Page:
“Banning trans fat would ‘annihilate the legacy of every family bakery,'” or so says a baker from Philadelphia, PA, in response to a local city council bill that would prohibit the use of trans fats in commercial kitchens. As it first happened in New York when the city opted to ban trans fats, the public outcry was not unexpected, nor was the argument that small, family-owned businesses would be the ones to suffer for it. But this article is one of the rare ones that deals directly with bakeries, and perhaps the only that looks at how long some of these recipes – with trans fat included – have been around.
Trans fats, or partially hydrogenated oils, were first developed around the turn of the 20th century and were made available to the public in 1911, as Crisco. This does support the claim that the recipes in question have been around for generations, but because the concern over trans fats is health based, the tradition of long-standing recipes alone is not enough to make their position supportable. And while the claim that “[the baked goods] just don’t have the same flavor” without trans fats in them may carry weight – especially when the recipe in question is a pound cake, which should be expected to contain large, flavorful quantities of butter and not partially hydrogenated shortening – it also is not necessarily a reason to permit the use of trans fats. Although they may not taste the same, that claim certainly does not imply that a butter cake, or even one made with zero trans fat Crisco, will taste worse than one made with trans fats; it will most likely taste better.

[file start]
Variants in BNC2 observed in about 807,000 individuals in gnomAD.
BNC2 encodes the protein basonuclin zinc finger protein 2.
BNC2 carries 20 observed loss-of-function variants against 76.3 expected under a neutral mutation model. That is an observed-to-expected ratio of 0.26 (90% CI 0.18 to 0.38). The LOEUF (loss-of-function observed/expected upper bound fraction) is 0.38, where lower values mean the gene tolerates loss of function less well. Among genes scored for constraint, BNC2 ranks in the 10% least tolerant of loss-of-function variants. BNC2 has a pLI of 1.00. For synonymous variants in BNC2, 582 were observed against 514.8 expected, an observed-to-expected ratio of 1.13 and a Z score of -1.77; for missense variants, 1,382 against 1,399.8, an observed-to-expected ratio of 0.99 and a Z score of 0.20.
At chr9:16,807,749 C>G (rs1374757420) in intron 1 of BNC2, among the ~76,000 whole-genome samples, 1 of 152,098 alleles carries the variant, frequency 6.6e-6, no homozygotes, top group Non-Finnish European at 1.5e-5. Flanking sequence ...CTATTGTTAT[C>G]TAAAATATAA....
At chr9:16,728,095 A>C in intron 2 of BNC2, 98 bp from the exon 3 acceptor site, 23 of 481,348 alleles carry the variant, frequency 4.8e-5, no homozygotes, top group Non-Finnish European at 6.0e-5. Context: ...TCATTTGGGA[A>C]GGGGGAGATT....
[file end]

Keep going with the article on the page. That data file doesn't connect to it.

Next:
When you think of a “family bakery” with a multi-generation tradition of high quality baked goods, do you expect that you are buying baked goods made with quality ingredients, natural ingredients? Or do you expect that a pound cake will be made with (hydrogenated) shortening and preservatives?